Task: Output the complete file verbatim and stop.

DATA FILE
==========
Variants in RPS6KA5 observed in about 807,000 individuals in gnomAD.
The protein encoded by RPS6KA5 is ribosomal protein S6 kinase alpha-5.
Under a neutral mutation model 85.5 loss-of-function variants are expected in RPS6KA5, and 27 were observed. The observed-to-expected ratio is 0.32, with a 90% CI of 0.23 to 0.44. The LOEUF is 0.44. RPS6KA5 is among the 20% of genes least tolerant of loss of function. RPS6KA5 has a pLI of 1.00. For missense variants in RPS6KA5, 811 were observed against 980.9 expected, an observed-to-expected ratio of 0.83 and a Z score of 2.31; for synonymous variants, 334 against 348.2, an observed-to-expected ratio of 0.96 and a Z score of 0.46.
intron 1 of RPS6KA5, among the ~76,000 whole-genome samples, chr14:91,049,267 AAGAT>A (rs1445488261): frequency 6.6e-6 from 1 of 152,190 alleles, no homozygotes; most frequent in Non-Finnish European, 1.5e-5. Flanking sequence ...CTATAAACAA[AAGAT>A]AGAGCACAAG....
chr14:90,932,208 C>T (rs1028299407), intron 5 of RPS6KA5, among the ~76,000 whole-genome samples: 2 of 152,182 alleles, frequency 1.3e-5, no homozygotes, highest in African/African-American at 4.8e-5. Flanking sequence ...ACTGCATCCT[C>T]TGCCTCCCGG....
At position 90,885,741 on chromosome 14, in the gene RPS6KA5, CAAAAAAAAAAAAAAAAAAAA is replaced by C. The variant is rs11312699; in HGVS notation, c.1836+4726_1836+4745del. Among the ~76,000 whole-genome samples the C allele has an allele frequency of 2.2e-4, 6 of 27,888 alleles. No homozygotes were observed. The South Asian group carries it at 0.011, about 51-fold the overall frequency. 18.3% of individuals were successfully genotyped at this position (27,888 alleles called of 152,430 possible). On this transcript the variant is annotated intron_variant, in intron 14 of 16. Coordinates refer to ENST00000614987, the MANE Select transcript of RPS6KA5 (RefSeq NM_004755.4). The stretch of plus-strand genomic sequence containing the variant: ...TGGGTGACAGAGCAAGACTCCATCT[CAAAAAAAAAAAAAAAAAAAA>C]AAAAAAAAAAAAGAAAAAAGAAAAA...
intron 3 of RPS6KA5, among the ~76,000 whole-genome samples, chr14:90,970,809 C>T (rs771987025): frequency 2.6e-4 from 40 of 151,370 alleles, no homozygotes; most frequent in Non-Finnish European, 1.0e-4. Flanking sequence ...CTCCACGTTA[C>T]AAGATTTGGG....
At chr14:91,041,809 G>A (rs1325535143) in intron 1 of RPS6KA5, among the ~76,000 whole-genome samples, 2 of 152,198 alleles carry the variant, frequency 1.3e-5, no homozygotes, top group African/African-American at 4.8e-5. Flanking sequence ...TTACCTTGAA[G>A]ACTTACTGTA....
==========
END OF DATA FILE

Variants in RPS6KA5 observed in about 807,000 individuals in gnomAD.
The protein encoded by RPS6KA5 is ribosomal protein S6 kinase alpha-5.
Under a neutral mutation model 85.5 loss-of-function variants are expected in RPS6KA5, and 27 were observed. The observed-to-expected ratio is 0.32, with a 90% CI of 0.23 to 0.44. The LOEUF is 0.44. RPS6KA5 is among the 20% of genes least tolerant of loss of function. RPS6KA5 has a pLI of 1.00. For missense variants in RPS6KA5, 811 were observed against 980.9 expected, an observed-to-expected ratio of 0.83 and a Z score of 2.31; for synonymous variants, 334 against 348.2, an observed-to-expected ratio of 0.96 and a Z score of 0.46.
intron 1 of RPS6KA5, among the ~76,000 whole-genome samples, chr14:91,049,267 AAGAT>A (rs1445488261): frequency 6.6e-6 from 1 of 152,190 alleles, no homozygotes; most frequent in Non-Finnish European, 1.5e-5. Flanking sequence ...CTATAAACAA[AAGAT>A]AGAGCACAAG....
chr14:90,932,208 C>T (rs1028299407), intron 5 of RPS6KA5, among the ~76,000 whole-genome samples: 2 of 152,182 alleles, frequency 1.3e-5, no homozygotes, highest in African/African-American at 4.8e-5. Flanking sequence ...ACTGCATCCT[C>T]TGCCTCCCGG....
At position 90,885,741 on chromosome 14, in the gene RPS6KA5, CAAAAAAAAAAAAAAAAAAAA is replaced by C. The variant is rs11312699; in HGVS notation, c.1836+4726_1836+4745del. Among the ~76,000 whole-genome samples the C allele has an allele frequency of 2.2e-4, 6 of 27,888 alleles. No homozygotes were observed. The South Asian group carries it at 0.011, about 51-fold the overall frequency. 18.3% of individuals were successfully genotyped at this position (27,888 alleles called of 152,430 possible). On this transcript the variant is annotated intron_variant, in intron 14 of 16. Coordinates refer to ENST00000614987, the MANE Select transcript of RPS6KA5 (RefSeq NM_004755.4). The stretch of plus-strand genomic sequence containing the variant: ...TGGGTGACAGAGCAAGACTCCATCT[CAAAAAAAAAAAAAAAAAAAA>C]AAAAAAAAAAAAGAAAAAAGAAAAA...
intron 3 of RPS6KA5, among the ~76,000 whole-genome samples, chr14:90,970,809 C>T (rs771987025): frequency 2.6e-4 from 40 of 151,370 alleles, no homozygotes; most frequent in Non-Finnish European, 1.0e-4. Flanking sequence ...CTCCACGTTA[C>T]AAGATTTGGG....
At chr14:91,041,809 G>A (rs1325535143) in intron 1 of RPS6KA5, among the ~76,000 whole-genome samples, 2 of 152,198 alleles carry the variant, frequency 1.3e-5, no homozygotes, top group African/African-American at 4.8e-5. Flanking sequence ...TTACCTTGAA[G>A]ACTTACTGTA....